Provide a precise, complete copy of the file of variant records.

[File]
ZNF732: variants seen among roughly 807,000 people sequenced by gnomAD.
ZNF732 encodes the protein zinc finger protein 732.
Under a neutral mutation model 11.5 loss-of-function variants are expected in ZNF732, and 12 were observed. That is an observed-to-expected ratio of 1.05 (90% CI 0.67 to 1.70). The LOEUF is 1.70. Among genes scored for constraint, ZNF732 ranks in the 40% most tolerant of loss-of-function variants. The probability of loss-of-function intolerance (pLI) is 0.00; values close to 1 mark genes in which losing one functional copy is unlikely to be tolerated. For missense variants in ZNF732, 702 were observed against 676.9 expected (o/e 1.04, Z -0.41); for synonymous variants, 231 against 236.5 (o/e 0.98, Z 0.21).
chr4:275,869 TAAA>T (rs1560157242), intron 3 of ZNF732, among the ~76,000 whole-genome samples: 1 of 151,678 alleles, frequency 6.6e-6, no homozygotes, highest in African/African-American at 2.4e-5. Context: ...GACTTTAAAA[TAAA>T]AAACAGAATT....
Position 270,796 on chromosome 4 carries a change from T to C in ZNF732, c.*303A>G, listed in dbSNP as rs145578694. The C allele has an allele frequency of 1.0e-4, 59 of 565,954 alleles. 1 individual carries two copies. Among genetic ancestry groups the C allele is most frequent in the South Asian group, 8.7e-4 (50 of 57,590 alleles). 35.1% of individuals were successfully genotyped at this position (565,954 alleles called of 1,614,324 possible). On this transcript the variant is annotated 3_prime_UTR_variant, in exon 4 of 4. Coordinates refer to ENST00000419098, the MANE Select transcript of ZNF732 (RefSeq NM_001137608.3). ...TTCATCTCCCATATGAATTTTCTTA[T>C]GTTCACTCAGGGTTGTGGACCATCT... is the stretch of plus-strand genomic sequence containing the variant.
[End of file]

ZNF732: variants seen among roughly 807,000 people sequenced by gnomAD.
ZNF732 encodes the protein zinc finger protein 732.
Under a neutral mutation model 11.5 loss-of-function variants are expected in ZNF732, and 12 were observed. That is an observed-to-expected ratio of 1.05 (90% CI 0.67 to 1.70). The LOEUF is 1.70. Among genes scored for constraint, ZNF732 ranks in the 40% most tolerant of loss-of-function variants. The probability of loss-of-function intolerance (pLI) is 0.00; values close to 1 mark genes in which losing one functional copy is unlikely to be tolerated. For missense variants in ZNF732, 702 were observed against 676.9 expected (o/e 1.04, Z -0.41); for synonymous variants, 231 against 236.5 (o/e 0.98, Z 0.21).
chr4:275,869 TAAA>T (rs1560157242), intron 3 of ZNF732, among the ~76,000 whole-genome samples: 1 of 151,678 alleles, frequency 6.6e-6, no homozygotes, highest in African/African-American at 2.4e-5. Context: ...GACTTTAAAA[TAAA>T]AAACAGAATT....
Position 270,796 on chromosome 4 carries a change from T to C in ZNF732, c.*303A>G, listed in dbSNP as rs145578694. The C allele has an allele frequency of 1.0e-4, 59 of 565,954 alleles. 1 individual carries two copies. Among genetic ancestry groups the C allele is most frequent in the South Asian group, 8.7e-4 (50 of 57,590 alleles). 35.1% of individuals were successfully genotyped at this position (565,954 alleles called of 1,614,324 possible). On this transcript the variant is annotated 3_prime_UTR_variant, in exon 4 of 4. Coordinates refer to ENST00000419098, the MANE Select transcript of ZNF732 (RefSeq NM_001137608.3). ...TTCATCTCCCATATGAATTTTCTTA[T>C]GTTCACTCAGGGTTGTGGACCATCT... is the stretch of plus-strand genomic sequence containing the variant.